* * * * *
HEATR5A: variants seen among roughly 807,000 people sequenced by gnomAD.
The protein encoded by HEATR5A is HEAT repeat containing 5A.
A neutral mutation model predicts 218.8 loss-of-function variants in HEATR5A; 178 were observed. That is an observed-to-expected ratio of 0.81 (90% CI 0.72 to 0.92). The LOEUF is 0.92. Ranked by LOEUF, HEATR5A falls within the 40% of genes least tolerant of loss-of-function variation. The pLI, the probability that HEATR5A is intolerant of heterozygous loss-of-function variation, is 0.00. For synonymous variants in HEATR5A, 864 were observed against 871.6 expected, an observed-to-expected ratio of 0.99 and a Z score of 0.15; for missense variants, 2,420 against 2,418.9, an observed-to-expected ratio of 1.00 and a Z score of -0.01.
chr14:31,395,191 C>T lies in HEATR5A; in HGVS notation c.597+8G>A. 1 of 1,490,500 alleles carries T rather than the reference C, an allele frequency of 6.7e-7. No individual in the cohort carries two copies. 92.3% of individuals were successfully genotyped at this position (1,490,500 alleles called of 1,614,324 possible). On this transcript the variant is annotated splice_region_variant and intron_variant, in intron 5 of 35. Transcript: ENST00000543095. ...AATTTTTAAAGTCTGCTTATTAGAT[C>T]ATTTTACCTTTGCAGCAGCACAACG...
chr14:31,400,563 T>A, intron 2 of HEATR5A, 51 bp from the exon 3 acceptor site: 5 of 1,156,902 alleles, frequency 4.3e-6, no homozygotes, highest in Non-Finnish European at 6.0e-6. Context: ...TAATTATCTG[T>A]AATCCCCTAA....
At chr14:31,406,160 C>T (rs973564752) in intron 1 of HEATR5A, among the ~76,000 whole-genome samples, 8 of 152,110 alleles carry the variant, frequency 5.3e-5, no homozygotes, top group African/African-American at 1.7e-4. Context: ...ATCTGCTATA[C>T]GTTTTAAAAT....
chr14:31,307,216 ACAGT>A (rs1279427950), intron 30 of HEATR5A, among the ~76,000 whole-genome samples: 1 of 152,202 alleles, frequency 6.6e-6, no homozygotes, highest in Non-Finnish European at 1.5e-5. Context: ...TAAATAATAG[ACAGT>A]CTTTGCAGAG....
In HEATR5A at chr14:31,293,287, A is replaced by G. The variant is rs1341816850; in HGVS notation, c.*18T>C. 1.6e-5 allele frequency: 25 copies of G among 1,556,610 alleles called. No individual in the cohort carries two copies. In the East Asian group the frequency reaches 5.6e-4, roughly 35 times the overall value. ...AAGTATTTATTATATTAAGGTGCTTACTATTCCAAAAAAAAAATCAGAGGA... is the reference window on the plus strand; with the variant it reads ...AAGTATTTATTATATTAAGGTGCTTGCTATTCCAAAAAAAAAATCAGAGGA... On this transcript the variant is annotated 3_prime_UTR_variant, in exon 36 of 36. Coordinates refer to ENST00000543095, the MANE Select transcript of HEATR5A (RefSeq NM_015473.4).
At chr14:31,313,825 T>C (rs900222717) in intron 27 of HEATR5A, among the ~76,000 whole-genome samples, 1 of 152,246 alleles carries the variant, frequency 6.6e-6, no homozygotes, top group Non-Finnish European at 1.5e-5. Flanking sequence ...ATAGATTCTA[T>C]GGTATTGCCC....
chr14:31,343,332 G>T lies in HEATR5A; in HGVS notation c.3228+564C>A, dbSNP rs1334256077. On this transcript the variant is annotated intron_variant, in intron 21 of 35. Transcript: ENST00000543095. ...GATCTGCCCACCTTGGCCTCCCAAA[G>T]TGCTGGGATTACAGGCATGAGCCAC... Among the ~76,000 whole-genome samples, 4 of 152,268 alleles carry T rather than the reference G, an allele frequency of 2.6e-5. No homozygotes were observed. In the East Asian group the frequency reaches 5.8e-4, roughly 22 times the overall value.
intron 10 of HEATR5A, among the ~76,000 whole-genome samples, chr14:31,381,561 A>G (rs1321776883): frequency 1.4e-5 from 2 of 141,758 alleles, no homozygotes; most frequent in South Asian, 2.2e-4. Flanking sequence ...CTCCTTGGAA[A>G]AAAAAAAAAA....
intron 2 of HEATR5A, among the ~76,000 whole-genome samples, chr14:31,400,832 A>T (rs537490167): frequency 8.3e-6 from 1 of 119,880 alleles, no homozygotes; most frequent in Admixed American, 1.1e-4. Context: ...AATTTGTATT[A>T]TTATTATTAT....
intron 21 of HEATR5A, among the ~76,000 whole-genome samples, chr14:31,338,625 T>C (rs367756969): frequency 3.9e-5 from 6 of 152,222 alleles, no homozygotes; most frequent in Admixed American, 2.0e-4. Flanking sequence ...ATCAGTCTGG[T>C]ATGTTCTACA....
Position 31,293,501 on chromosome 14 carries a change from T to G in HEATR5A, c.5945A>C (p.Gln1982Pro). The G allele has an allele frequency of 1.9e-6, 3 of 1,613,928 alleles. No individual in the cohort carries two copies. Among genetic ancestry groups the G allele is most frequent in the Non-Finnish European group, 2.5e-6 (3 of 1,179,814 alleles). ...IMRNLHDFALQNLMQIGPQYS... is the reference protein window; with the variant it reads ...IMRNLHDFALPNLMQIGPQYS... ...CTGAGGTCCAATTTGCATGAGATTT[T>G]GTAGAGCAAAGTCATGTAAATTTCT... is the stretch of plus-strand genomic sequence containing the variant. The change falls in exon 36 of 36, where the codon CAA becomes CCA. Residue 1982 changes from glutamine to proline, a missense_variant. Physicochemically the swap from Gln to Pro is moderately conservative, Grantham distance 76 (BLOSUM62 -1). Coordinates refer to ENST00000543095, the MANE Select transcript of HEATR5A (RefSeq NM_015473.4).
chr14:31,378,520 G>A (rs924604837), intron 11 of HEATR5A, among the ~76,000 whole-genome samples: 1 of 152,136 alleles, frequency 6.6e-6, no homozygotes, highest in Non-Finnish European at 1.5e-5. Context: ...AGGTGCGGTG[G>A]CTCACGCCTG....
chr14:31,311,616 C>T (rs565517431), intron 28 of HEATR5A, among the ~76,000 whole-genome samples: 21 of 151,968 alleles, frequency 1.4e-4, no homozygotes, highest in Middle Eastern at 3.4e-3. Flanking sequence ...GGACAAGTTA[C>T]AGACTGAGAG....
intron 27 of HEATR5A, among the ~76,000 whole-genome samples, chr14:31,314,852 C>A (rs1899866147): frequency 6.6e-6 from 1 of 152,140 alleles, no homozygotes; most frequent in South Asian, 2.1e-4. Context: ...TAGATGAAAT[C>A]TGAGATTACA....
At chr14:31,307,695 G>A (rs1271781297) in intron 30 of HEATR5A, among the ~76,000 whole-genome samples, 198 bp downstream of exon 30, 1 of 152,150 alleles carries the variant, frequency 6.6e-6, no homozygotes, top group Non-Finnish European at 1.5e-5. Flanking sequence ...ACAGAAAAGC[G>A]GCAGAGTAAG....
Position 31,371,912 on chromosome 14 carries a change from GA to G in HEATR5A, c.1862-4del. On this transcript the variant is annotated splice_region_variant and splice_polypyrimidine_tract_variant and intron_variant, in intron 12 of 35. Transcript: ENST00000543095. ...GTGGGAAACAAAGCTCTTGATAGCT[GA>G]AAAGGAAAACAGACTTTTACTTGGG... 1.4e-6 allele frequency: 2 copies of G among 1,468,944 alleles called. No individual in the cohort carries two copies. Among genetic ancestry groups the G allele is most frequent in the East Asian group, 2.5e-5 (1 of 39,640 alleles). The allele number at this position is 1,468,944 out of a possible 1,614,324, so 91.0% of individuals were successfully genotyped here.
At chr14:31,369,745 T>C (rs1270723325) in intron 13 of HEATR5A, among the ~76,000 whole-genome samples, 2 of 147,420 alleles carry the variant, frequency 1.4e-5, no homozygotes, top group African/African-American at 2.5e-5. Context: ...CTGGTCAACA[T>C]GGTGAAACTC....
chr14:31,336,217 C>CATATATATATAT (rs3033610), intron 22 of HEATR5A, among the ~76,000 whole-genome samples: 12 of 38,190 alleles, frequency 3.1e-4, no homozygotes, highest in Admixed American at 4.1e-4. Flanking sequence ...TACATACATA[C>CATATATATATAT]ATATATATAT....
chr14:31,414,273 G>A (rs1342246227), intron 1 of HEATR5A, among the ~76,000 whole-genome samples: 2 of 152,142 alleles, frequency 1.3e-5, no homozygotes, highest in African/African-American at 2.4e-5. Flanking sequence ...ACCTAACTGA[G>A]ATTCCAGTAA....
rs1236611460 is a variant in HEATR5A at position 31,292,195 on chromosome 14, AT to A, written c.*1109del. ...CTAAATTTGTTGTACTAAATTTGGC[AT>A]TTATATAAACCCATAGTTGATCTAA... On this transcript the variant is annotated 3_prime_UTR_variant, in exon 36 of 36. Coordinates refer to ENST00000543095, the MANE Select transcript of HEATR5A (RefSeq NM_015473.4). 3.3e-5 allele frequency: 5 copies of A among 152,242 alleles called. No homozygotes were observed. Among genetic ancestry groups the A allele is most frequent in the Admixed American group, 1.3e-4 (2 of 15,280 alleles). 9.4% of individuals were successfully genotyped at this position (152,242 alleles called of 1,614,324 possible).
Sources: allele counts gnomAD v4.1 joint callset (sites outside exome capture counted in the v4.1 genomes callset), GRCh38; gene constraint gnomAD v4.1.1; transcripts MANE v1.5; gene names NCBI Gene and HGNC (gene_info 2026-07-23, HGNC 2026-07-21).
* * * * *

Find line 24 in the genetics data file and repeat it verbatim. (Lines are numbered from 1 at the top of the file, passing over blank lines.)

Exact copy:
Sources: allele counts gnomAD v4.1 joint callset (sites outside exome capture counted in the v4.1 genomes callset), GRCh38; gene constraint gnomAD v4.1.1; transcripts MANE v1.5; gene names NCBI Gene and HGNC (gene_info 2026-07-23, HGNC 2026-07-21).